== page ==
We kicked off soccer season this last Sunday with a hard-faught loss;3 to 2. Our sharp looking jersey´s are compliments of the organization -however there was a misspelling with POPPY'S HAUSE. That error is not biggie, the jersey´s still look good. Our team is made up of players who live right around us. There are approximately 9 teams in Santo Tomas, and each street has there own team. Casey and I play soccer all the time down here, but we still have a long way to go. These guys play soccer all the time. As soon as they are able to breath they are kicking a ball around. I have a lot to learn, but it is fun, and the guys we play with are at least familiar. If our team does well, and wins our city league, then we could go on to play at the stadium. Granted, we should probably get a win first, but still, the possibilities...
This is a beautiful picture of my biggest fan. Good thing, everyone else just laughs at me. When a gringo makes a mistake, the WHOLE town knows and laughs about it. After the game, I was still wearing my jersey, all the way home people kept asking me, ¨Why didn't you win,¨ and, ¨why didn't you score a goal?¨ I told them that Jesus wanted the other team to win.
Here we are with our game faces on. We are the gringo assassins. But we really just get assassinated on the field a lot. You can see the clouds moving in behind us. About 5 minutes after this photo, the heavens let loose. It was fun, at times, to play in the rain. The sad part was that they put away the good ball (which isn´t saying much) and brought out the solid rubber, flat one, to weather the storm -as if playing with the other ball wasn't´t bad enough.

Here we are doing our pre-game stretches. Casey is old (not really, but says he is), so he needs to stretch. I was just there for morale support.

Kayla gets Chicken Pox

 

We still don’t truly know who gave them to Kayla, but she has chicken pox. Fortunately for us, and most of the kids here, they have been vaccinated; however there is still a chance that someone might get it. If any of you have ever had chicken pox, they are not fun –they don’t feel or look good. Kayla has been dealing with it the best she can (trying to rest a lot), and all the while still trying to be a mother. It is sad to see her like this, but hopefully this means now that she will not get it ever again.

 

Bad Road made Better




This last week, our road was physically impossible to drive on. We have been having a significant amount of rain, and with it, we were shut off from the city. Fortunately for us, the city only let this go on for two days before sending out a crew to try and open it up. They brought out 3 huge machines, a ton of dirt, and plowed our road. We were grateful to have our road opened up, but they brought in too much sand, and now it has not rained in 4 days. So, it went from being impassable from all the mud, to now being incredibly sandy –almost one extreme to the next.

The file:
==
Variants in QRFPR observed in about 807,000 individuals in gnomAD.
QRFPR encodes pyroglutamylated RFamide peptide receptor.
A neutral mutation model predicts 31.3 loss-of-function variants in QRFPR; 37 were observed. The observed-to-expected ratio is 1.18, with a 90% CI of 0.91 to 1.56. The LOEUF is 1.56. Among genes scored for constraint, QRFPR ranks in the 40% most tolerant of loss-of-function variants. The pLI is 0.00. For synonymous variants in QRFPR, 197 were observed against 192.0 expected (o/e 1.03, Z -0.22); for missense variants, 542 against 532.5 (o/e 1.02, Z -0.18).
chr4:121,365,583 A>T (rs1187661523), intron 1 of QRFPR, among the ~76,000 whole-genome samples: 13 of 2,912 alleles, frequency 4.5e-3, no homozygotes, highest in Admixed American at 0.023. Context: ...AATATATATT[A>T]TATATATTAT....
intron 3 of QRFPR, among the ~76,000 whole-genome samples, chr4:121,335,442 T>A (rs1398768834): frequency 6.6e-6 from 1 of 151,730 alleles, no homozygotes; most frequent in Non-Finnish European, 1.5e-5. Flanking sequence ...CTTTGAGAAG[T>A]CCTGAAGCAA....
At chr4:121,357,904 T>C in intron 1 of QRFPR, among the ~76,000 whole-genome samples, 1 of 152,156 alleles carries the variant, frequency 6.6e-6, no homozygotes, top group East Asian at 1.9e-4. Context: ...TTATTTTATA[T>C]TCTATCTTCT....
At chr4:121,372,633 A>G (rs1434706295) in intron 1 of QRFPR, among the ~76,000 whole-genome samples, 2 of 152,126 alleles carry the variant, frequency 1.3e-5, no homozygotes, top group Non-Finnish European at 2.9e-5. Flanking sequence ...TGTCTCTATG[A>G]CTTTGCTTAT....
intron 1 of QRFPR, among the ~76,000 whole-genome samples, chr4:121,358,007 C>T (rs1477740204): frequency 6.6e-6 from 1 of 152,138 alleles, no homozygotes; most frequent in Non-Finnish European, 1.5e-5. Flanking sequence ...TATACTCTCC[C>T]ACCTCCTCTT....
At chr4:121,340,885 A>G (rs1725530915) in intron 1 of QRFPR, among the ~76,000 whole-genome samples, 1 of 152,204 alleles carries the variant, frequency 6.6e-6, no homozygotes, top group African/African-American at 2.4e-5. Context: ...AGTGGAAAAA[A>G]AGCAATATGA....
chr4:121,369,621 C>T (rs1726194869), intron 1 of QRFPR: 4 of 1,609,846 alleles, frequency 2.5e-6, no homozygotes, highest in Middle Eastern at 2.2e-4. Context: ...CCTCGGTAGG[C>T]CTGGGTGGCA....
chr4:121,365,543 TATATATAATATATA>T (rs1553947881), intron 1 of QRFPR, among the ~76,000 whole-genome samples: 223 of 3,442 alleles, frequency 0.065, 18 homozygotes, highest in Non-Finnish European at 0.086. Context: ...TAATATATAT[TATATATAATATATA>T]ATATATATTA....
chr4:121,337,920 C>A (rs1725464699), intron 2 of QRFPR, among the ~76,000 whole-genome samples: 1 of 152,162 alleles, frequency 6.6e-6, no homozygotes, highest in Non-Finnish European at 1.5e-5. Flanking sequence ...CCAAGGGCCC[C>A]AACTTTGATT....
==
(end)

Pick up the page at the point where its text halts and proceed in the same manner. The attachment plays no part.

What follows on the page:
They were actually able to fix our road all the way down to where the plaza is in Santo Tomas. We were grateful until we walked outside our gate and realized that our driveway was obliterated. So now, not only were our motorcycles stranded, but so was the bus that they decided to park in our land (we use this for hauling the girls to church and other functions in and around town). It was a 3 foot drop! Thanks to some help from the office guys, we were able to make-shift it for the time being, and more work will follow this week. Looks like some of the machines worked to our disadvantage as well.



Giant, Man-eating Beetle

 

 

Princesa's New Haircut

Let me preface this by saying, the Armadillo look is in. One of the girls went out on a mission to relieve Princesa of all her matted hair. Sadly, at least for Princesa and the dog fashion industry, it transitioned into an experiment. Here is how is all ended.

Our apologies, but a dog was actually harmed in this activity.................. emotionally.




Guitar  Lessons

Every Tuesday and Thursday afternoon, the girls have options of taking electives. Our plan is to have swimming, voice, music, and guitar lessons, however, only the guitar one is up and running at this time. Paul, the president of the organization, has been coming out and teaching 5 to 6 girls the basics of guitar. Fortunately, some of the groups over the years have left guitars down here, so we have 3 to work with. We are just beginning with the lessons –weeding out the girls really. Some of the girls don’t want to continue sadly. The ones that we do have, shown in the picture below, are doing great. Aaron gets to assist as well, and enjoys it immensely.
Music is such an incredible gift, and we are excited to be able to share this with the girls and give them a little something extra as well. Rosany has been the one that is rising above the other students. She is pictured in the first photo with a guitar. She has been practicing and retaining the most. Because of her desire, and effort, she has been loaned a guitar by the organization. Paul has said that any girl that learns the basics of guitar, and can play along with him semi-proficiently, he will purchase a guitar for them. Rosany has been the only one to truly take on this offer. She has devoted time to practicing, and has caught on fairly rapidly. At this pace, looks like she will be the first to take a guitar from Paul.